New Poll Sheds Light on Financial Concerns under New Administration
Date: November 16, 2016
Contact: Paul Golden 303-224-3514, firstname.lastname@example.org
DENVER—The 2016 election was fueled by divisiveness and high emotion and it created an unprecedented amount of uncertainty among Americans, particularly in terms of how people believe their finances will be impacted.
A post-election poll of more than 1,000 U.S. adults conducted by GfK using its Knowledge Panel on behalf of the National Endowment for Financial Education (NEFE) finds just 27 percent feel their individual/family personal finance situation will be better off under President-Elect Donald Trump. This compares to just 19 percent of respondents who believed that if Secretary Hillary Clinton would have won their financial situations would have improved. The flip side of the results show 72 percent of Americans feel their financial situation would remain the same (37 percent) or even become worse (35 percent) under President-Elect Trump. The numbers slant even higher with the reflection of Secretary Clinton winning the White House, with 80 percent believing their financial situations would have remained the same (46 percent) or been worse off (34 percent).
“What’s truly interesting about these findings is that the lines are definitive and that the clear majority of people have legitimate questions and concerns about their finances. And that was true of both candidates,” says Ted Beck, president and CEO of NEFE.
The poll also shows some contrast between men and women. Among men, 31 percent thought their finances would be better off with President-Elect Trump compared to 23 percent of women. Interestingly, if Secretary Clinton had won, 20 percent of men thought their financial situations would be better off, but among women the number was even lower at 19 percent. Women are significantly more likely than men to believe their finances will be worse off under President-Elect Trump, and a plurality of women feel this way. For Secretary Clinton, pluralities in both genders congregate in the middle (their situation would remain the same), which contributes to a lower positive response. But under President-Elect Trump it leans negative among women, as a plurality of women believe their finances will be worse off (40 percent), while 36 percent believe it will be the same and 23 percent better off.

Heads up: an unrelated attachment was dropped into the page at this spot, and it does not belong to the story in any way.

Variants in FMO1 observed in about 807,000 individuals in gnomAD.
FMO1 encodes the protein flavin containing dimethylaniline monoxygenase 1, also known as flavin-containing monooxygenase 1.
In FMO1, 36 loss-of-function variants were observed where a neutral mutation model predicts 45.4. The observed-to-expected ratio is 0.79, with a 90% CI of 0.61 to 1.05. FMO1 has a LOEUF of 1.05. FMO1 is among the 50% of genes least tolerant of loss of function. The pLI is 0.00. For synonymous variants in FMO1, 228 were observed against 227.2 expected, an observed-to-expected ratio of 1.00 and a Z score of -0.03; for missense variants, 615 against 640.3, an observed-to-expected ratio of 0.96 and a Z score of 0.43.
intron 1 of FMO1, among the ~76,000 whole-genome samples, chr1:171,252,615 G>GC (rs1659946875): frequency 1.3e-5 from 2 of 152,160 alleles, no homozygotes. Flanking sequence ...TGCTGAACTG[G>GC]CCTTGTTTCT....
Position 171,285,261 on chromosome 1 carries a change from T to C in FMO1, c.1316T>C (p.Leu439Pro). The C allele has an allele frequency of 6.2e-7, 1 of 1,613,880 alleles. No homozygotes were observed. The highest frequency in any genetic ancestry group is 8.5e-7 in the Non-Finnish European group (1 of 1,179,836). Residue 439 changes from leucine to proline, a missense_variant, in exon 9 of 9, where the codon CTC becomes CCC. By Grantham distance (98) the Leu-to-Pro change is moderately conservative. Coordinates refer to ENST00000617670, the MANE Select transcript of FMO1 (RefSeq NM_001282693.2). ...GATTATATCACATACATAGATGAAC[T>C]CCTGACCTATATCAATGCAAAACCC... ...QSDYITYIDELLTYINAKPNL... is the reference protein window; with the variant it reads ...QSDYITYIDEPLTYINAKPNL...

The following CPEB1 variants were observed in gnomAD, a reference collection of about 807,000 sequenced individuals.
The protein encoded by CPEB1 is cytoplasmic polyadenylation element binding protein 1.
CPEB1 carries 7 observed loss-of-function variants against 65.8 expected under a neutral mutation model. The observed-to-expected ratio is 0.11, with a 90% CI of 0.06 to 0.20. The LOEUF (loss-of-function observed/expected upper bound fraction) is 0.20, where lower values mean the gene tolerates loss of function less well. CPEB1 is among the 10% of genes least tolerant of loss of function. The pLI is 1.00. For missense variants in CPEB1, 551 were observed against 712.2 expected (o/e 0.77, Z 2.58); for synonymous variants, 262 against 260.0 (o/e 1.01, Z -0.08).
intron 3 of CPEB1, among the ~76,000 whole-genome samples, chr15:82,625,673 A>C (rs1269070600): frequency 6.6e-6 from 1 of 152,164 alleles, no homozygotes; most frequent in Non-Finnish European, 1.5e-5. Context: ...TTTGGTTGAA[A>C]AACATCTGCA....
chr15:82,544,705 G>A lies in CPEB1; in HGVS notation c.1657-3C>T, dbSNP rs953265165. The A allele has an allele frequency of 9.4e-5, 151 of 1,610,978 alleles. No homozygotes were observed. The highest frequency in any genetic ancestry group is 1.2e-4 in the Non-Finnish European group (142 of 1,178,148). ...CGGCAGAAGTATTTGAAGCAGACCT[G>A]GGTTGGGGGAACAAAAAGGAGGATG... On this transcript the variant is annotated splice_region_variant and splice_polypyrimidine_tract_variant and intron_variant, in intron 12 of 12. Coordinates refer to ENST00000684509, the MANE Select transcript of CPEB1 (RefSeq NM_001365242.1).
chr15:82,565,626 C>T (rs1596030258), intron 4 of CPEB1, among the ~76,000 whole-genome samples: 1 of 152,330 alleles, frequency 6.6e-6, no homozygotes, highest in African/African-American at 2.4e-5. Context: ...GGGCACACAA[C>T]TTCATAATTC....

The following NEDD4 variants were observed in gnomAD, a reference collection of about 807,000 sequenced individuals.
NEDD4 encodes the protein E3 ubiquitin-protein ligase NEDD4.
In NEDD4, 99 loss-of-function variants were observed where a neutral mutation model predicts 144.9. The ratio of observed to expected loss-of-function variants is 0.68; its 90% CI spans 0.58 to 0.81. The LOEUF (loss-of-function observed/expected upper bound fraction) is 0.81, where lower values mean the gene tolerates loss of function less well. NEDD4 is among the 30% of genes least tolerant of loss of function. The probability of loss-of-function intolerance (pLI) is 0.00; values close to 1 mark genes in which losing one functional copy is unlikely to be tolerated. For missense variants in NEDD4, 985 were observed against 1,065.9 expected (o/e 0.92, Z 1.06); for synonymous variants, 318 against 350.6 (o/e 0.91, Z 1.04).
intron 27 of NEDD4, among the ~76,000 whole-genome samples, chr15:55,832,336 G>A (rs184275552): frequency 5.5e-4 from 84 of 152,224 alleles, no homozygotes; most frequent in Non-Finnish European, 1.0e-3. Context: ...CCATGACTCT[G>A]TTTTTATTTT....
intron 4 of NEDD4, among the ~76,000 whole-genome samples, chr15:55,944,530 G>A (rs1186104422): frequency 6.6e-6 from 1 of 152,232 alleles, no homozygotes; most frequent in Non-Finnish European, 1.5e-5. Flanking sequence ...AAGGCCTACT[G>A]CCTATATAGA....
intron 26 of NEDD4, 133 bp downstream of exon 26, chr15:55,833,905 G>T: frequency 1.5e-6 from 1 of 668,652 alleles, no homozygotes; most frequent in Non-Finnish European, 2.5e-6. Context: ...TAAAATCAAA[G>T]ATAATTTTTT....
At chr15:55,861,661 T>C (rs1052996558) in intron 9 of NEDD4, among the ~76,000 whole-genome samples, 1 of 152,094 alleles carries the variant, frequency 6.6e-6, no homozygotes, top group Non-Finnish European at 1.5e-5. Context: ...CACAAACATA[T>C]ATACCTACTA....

Looking at how respondents feel the election results will impact their financial situations, 56 percent cited health-care costs as their primary concern. This was followed by taxes (48 percent), overall costs of living (47 percent), and retirement security (38 percent). Interestingly, job security ranked 8th on the list of concerns at 26 percent, and education affordability ranked near the bottom with 22 percent.
“During the past two administrations there has been a great deal of cooperation with government and the non-profit sector to better educate consumers on personal finance issues. I certainly hope this continues with responsible leadership moving forward and we see the benefits of continuing the work that already has been started through the efforts of the President’s Advisory Council on Financial Capability and the President’s Council on Financial Capability for Young Adults,” says Beck. “Regardless of our emotions it’s important for people to take action on the things they can control, like establishing and building an emergency savings, using credit responsibly, making informed decisions about bank products, and saving for long-term goals.”
For more information and self-directed courses on improving your financial life, visit www.smartaboutmoney.org.
Here are the complete results of the post-election results and finances poll conducted by GfK using its Knowledge Panel.
About GfK Custom Research Knowledge Panel
The study was conducted online by GfK's Overnight Service using the web-enabled “Knowledge Panel,” a probability-based panel designed to be representative of the U.S. general population, not just the online population. The study consisted of 1,010 nationally representative interviews conducted on November 9, 2016, among adults aged 18+. The margin of error is +/-3 percentage points.